You can fake it until you make it and you will have results. It doesn't matter the skill, playing an instrument, running, riding bicycle or weight training. I can go on with the list but think about this...
Have you ever played tennis? Or, gone to the court to hit balls? It soon becomes evident that there is a huge amount of technique required to keep the ball in the court. When I say court, I mean the court, specifically inside the fence. Go ahead, admit it, you have hit the ball over the fence. Skill is everything.
I spent some of my juvenile life and ALL of my adult life learning and practicing a musical instrument. Every minute of practice is spent working on achieving the perfect tone, timing, timbre and coordinating it all at the same time. I still haven't achieved this but they pay me to play so I practice. I practice to develop skills and to prevent and repair bad habits.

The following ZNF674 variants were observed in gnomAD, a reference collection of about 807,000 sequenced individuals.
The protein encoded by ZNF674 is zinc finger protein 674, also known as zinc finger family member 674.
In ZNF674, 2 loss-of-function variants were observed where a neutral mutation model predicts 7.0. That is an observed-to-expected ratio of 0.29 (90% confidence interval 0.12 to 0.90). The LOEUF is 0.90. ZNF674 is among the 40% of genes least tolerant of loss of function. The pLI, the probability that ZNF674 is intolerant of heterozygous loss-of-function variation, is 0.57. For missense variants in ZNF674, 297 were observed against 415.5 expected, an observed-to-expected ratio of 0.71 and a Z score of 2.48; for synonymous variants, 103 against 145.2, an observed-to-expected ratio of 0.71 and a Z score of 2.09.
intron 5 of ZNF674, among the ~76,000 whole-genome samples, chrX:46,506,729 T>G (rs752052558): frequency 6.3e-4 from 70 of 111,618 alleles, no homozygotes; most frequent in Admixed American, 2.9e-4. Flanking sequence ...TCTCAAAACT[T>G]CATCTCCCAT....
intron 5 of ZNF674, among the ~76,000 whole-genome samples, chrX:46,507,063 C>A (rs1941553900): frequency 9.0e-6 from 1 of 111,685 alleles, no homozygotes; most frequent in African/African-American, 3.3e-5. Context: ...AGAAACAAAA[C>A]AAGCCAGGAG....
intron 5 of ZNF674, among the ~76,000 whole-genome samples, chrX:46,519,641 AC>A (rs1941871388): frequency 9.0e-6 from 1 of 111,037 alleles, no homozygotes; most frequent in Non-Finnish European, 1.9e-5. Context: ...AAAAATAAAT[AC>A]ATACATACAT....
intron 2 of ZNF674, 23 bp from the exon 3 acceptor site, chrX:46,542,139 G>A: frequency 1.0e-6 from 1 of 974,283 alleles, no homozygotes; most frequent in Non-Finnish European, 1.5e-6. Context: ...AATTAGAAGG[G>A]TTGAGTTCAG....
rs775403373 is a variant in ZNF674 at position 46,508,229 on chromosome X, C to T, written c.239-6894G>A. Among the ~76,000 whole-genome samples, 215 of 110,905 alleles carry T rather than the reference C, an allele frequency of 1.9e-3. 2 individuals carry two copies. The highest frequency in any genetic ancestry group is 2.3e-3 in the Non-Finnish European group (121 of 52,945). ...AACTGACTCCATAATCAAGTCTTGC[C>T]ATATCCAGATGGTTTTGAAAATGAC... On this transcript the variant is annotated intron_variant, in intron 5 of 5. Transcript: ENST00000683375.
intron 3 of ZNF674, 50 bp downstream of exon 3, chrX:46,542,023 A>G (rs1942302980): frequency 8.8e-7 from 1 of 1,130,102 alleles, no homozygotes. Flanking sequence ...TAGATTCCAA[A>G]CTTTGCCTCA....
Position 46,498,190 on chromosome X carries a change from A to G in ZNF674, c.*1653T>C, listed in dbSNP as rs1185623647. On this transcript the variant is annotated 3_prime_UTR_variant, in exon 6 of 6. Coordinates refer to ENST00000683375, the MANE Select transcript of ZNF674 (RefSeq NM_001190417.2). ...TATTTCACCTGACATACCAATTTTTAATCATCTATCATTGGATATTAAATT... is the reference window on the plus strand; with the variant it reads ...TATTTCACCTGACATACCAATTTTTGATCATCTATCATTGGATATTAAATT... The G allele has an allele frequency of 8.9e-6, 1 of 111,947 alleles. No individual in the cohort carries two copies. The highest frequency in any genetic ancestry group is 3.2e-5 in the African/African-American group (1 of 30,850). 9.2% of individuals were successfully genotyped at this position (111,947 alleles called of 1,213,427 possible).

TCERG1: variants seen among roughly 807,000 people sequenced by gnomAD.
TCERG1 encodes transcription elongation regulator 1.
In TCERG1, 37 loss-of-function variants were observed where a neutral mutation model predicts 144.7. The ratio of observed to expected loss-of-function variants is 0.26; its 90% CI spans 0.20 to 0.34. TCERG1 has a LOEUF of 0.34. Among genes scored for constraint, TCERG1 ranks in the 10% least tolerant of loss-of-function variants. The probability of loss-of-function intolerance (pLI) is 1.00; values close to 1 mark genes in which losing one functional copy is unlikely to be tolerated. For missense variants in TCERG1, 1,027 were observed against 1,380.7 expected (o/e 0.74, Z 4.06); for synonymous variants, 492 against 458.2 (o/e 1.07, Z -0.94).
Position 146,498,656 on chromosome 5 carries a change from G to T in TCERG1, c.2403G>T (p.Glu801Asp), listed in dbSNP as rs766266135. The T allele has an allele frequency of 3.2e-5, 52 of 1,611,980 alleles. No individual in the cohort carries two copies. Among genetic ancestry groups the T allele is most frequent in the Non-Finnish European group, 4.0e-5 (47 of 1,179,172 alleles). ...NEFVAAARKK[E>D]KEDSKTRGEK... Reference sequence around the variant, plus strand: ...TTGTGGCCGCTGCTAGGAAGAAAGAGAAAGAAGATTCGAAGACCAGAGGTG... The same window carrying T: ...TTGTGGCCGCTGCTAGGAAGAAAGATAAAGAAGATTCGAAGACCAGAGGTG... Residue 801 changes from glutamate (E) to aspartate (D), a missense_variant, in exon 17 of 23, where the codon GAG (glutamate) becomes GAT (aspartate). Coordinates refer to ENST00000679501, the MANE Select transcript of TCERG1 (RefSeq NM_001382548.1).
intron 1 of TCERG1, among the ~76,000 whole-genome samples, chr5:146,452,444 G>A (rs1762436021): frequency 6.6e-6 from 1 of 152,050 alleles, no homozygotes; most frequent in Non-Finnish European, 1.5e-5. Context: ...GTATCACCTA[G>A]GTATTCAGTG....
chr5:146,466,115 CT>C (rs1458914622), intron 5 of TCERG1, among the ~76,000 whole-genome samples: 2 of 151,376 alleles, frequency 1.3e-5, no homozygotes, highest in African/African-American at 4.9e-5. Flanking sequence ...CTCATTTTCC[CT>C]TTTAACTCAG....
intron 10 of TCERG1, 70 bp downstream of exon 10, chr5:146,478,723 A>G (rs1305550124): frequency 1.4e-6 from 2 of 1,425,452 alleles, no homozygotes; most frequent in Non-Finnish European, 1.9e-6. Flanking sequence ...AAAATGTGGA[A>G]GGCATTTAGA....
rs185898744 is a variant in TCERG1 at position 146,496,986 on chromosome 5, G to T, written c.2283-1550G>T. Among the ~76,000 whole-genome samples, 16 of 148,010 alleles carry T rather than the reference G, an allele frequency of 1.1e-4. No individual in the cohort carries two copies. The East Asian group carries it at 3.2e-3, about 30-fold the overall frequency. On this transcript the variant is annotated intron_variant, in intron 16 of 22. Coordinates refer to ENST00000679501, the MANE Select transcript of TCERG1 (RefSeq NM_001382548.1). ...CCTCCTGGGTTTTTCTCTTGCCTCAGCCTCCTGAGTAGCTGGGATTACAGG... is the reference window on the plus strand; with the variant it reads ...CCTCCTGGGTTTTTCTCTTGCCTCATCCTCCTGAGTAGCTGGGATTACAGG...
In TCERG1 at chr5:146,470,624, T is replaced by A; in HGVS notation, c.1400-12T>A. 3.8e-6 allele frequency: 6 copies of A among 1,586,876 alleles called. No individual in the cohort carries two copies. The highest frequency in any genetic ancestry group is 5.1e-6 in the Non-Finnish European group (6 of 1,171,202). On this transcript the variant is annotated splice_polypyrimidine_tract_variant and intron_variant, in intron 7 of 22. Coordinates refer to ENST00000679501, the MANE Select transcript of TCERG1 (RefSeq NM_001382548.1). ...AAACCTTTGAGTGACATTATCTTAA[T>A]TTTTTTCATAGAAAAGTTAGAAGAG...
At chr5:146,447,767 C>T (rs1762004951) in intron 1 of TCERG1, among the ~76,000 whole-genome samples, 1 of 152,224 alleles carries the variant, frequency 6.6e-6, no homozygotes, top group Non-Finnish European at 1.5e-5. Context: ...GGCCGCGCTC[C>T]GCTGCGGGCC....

The same attention to detail is required for strength training. It is better called strength practice after all, strength is a learned skill. Through practice you will achieve efficiency thus speed and strength.
This is the start of a technique series that is guaranteed to improve your strength.
Here is a question for you. Do your biceps get tired when you press? They should!
Part 1: pull with your lats.
Begin the press by flexing the lat while moving the weight up. The lat provides support and stability to your shoulder. It also creates strength in the bottom of the lift.
Ok, bicep already...Once you reach the apex of your lift, pull the weight down with your lats. In the military press, pulling the weight down is the same as doing a pull up. When the weight reaches the bottom position, the lat is already loaded and ready for the next press.
Practice this technique until you master. You will improve strength in press and pull ups. Call it time management.
Next time we will discuss how grip assists your press.
bottom up press 10x1, mil press 6x5 (coc grip in opposite hand) Pistol 5x1, oh swing 100
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